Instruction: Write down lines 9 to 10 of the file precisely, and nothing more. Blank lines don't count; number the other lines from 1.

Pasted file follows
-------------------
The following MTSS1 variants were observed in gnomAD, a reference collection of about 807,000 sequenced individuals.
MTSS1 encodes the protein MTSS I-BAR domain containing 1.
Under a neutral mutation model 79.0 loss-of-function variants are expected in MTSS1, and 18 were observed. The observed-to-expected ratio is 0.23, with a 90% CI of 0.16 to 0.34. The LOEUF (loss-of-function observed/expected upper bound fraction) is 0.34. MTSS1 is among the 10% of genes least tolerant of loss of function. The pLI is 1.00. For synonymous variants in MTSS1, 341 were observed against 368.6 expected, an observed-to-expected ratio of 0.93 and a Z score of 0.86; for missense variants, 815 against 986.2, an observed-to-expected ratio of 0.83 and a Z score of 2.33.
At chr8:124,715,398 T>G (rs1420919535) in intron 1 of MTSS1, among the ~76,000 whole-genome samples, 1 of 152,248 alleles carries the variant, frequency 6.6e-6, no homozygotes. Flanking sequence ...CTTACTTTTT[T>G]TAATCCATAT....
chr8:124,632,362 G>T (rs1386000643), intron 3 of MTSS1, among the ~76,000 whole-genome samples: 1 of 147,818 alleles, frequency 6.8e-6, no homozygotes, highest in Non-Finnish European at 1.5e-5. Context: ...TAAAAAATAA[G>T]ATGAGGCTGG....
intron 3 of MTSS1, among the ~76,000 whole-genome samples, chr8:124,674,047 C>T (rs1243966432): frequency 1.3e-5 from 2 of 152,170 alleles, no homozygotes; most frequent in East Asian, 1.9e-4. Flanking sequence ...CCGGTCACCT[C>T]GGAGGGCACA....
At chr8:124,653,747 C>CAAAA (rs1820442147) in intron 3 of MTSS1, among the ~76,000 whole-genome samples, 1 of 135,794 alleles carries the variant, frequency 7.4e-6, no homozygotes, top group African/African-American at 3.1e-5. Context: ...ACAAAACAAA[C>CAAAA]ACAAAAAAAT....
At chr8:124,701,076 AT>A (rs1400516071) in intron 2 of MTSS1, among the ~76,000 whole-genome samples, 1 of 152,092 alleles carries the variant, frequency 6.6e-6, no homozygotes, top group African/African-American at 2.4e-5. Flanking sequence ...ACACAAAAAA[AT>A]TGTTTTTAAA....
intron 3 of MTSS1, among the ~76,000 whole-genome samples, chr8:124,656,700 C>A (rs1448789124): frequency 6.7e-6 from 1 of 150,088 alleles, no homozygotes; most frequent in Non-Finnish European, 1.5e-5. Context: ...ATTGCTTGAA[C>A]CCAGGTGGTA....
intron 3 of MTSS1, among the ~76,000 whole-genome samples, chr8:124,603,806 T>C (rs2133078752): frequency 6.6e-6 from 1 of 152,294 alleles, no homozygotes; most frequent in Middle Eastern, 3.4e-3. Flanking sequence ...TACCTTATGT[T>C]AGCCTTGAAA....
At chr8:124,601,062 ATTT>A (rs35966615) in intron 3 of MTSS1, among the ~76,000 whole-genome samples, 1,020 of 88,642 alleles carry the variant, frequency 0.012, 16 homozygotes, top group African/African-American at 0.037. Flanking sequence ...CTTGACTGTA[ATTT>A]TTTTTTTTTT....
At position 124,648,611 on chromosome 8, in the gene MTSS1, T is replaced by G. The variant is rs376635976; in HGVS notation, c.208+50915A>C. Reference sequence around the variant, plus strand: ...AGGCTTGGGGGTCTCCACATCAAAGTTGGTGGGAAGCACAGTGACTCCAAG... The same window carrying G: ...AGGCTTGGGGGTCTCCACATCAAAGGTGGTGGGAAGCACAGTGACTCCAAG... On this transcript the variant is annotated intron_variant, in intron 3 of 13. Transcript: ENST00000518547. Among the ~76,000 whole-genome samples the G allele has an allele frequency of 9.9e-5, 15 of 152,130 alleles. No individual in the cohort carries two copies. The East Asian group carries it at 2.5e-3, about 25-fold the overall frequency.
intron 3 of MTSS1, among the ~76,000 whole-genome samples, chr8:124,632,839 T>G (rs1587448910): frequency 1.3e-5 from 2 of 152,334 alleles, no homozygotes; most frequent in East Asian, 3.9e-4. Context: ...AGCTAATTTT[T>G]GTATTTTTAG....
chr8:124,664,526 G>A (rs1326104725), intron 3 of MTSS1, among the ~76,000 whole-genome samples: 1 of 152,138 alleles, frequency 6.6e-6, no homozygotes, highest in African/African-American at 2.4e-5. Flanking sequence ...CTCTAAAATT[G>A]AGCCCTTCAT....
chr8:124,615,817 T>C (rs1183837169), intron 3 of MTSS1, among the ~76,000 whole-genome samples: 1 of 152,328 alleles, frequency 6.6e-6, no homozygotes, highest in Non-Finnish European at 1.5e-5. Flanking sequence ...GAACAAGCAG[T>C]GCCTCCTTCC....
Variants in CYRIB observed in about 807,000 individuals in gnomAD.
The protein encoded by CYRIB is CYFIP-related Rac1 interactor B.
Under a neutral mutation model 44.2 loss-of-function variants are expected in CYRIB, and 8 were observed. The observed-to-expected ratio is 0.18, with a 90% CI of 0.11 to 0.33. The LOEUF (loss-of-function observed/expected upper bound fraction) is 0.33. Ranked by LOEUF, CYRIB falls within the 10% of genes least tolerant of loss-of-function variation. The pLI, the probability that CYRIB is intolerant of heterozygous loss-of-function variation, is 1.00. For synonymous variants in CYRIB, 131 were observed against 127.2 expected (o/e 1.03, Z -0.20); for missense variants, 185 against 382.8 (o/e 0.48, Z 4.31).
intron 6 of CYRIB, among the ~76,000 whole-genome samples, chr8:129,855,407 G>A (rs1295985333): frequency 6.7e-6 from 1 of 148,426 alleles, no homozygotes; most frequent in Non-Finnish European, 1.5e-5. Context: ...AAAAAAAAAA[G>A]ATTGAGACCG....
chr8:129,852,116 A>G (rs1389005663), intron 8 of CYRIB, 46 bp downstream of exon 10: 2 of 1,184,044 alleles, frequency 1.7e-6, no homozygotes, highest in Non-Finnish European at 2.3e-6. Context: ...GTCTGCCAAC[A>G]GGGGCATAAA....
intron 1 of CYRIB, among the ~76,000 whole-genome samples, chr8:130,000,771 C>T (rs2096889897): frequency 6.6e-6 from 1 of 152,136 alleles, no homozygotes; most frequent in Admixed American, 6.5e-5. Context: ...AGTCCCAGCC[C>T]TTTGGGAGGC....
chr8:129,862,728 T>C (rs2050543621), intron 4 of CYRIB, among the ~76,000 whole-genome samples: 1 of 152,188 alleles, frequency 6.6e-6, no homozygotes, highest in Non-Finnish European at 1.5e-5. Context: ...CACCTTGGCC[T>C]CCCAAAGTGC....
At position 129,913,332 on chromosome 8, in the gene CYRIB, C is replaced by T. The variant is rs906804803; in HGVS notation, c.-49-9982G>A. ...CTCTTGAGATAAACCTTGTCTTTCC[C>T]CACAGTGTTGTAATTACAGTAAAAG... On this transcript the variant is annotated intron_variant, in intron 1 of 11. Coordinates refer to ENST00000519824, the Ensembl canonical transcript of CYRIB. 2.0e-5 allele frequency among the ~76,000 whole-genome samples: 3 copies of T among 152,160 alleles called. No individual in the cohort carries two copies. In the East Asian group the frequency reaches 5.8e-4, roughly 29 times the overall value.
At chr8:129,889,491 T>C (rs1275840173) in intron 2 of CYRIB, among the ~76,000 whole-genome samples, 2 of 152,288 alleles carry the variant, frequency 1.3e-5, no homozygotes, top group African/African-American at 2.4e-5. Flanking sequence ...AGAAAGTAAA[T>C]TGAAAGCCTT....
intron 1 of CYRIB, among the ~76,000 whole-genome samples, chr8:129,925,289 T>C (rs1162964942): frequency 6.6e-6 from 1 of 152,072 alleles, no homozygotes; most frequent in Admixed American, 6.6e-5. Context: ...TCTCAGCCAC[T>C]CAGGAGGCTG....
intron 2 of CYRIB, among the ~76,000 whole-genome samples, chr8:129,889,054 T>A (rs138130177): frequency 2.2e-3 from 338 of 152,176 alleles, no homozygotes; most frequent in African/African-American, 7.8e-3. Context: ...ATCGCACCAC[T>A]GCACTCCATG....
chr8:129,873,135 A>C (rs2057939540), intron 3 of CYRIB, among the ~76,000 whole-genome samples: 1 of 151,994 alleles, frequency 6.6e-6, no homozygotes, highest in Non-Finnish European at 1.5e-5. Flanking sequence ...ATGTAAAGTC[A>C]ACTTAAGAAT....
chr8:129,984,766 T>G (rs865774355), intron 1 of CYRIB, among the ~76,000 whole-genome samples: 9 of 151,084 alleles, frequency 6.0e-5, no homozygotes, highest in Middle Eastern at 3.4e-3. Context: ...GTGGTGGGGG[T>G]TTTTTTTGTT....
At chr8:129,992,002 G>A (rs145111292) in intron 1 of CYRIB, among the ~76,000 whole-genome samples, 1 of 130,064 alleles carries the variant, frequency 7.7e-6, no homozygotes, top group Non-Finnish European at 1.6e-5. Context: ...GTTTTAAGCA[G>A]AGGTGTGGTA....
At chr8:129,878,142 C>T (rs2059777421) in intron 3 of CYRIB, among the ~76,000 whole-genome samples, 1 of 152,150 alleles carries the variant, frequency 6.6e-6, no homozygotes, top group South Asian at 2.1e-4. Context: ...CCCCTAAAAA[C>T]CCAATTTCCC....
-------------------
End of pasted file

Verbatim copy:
intron 3 of MTSS1, among the ~76,000 whole-genome samples, chr8:124,656,700 C>A (rs1448789124): frequency 6.7e-6 from 1 of 150,088 alleles, no homozygotes; most frequent in Non-Finnish European, 1.5e-5. Context: ...ATTGCTTGAA[C>A]CCAGGTGGTA....
intron 3 of MTSS1, among the ~76,000 whole-genome samples, chr8:124,603,806 T>C (rs2133078752): frequency 6.6e-6 from 1 of 152,294 alleles, no homozygotes; most frequent in Middle Eastern, 3.4e-3. Flanking sequence ...TACCTTATGT[T>C]AGCCTTGAAA....